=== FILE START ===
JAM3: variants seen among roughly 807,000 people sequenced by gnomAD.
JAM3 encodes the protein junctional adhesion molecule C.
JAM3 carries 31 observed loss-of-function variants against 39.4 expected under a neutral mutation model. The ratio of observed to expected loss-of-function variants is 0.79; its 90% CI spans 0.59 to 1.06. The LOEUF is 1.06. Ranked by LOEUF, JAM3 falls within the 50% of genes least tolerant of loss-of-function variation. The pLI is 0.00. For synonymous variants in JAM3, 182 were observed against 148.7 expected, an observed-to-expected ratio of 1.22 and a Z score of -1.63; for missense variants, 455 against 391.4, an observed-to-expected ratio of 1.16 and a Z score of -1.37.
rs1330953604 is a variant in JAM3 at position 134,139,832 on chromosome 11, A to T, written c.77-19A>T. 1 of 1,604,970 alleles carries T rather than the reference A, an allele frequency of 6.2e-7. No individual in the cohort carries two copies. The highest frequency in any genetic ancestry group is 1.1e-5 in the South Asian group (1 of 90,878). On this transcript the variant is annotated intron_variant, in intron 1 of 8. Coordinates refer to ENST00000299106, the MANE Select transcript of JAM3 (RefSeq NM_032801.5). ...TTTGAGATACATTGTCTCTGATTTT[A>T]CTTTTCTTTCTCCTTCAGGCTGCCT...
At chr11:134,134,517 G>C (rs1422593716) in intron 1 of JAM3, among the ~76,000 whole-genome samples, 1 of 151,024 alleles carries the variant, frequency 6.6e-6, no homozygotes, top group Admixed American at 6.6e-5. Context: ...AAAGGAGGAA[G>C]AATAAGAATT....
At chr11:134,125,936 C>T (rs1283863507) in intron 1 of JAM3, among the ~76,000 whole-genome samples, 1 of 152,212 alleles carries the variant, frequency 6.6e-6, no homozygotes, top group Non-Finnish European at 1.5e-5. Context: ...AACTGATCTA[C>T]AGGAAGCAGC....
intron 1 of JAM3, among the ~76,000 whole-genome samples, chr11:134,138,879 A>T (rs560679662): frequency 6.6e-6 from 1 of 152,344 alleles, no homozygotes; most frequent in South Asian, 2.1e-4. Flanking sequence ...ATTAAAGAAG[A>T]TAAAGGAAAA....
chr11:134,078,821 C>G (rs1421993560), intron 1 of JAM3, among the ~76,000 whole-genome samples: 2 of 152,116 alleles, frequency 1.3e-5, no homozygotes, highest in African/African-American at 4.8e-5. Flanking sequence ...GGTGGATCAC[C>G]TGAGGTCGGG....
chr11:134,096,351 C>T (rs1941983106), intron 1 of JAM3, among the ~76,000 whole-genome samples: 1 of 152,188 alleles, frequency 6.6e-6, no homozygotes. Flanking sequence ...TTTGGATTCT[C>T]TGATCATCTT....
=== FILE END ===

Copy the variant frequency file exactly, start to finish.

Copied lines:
JAM3: variants seen among roughly 807,000 people sequenced by gnomAD.
JAM3 encodes the protein junctional adhesion molecule C.
JAM3 carries 31 observed loss-of-function variants against 39.4 expected under a neutral mutation model. The ratio of observed to expected loss-of-function variants is 0.79; its 90% CI spans 0.59 to 1.06. The LOEUF is 1.06. Ranked by LOEUF, JAM3 falls within the 50% of genes least tolerant of loss-of-function variation. The pLI is 0.00. For synonymous variants in JAM3, 182 were observed against 148.7 expected, an observed-to-expected ratio of 1.22 and a Z score of -1.63; for missense variants, 455 against 391.4, an observed-to-expected ratio of 1.16 and a Z score of -1.37.
rs1330953604 is a variant in JAM3 at position 134,139,832 on chromosome 11, A to T, written c.77-19A>T. 1 of 1,604,970 alleles carries T rather than the reference A, an allele frequency of 6.2e-7. No individual in the cohort carries two copies. The highest frequency in any genetic ancestry group is 1.1e-5 in the South Asian group (1 of 90,878). On this transcript the variant is annotated intron_variant, in intron 1 of 8. Coordinates refer to ENST00000299106, the MANE Select transcript of JAM3 (RefSeq NM_032801.5). ...TTTGAGATACATTGTCTCTGATTTT[A>T]CTTTTCTTTCTCCTTCAGGCTGCCT...
At chr11:134,134,517 G>C (rs1422593716) in intron 1 of JAM3, among the ~76,000 whole-genome samples, 1 of 151,024 alleles carries the variant, frequency 6.6e-6, no homozygotes, top group Admixed American at 6.6e-5. Context: ...AAAGGAGGAA[G>C]AATAAGAATT....
At chr11:134,125,936 C>T (rs1283863507) in intron 1 of JAM3, among the ~76,000 whole-genome samples, 1 of 152,212 alleles carries the variant, frequency 6.6e-6, no homozygotes, top group Non-Finnish European at 1.5e-5. Context: ...AACTGATCTA[C>T]AGGAAGCAGC....
intron 1 of JAM3, among the ~76,000 whole-genome samples, chr11:134,138,879 A>T (rs560679662): frequency 6.6e-6 from 1 of 152,344 alleles, no homozygotes; most frequent in South Asian, 2.1e-4. Flanking sequence ...ATTAAAGAAG[A>T]TAAAGGAAAA....
chr11:134,078,821 C>G (rs1421993560), intron 1 of JAM3, among the ~76,000 whole-genome samples: 2 of 152,116 alleles, frequency 1.3e-5, no homozygotes, highest in African/African-American at 4.8e-5. Flanking sequence ...GGTGGATCAC[C>G]TGAGGTCGGG....
chr11:134,096,351 C>T (rs1941983106), intron 1 of JAM3, among the ~76,000 whole-genome samples: 1 of 152,188 alleles, frequency 6.6e-6, no homozygotes. Flanking sequence ...TTTGGATTCT[C>T]TGATCATCTT....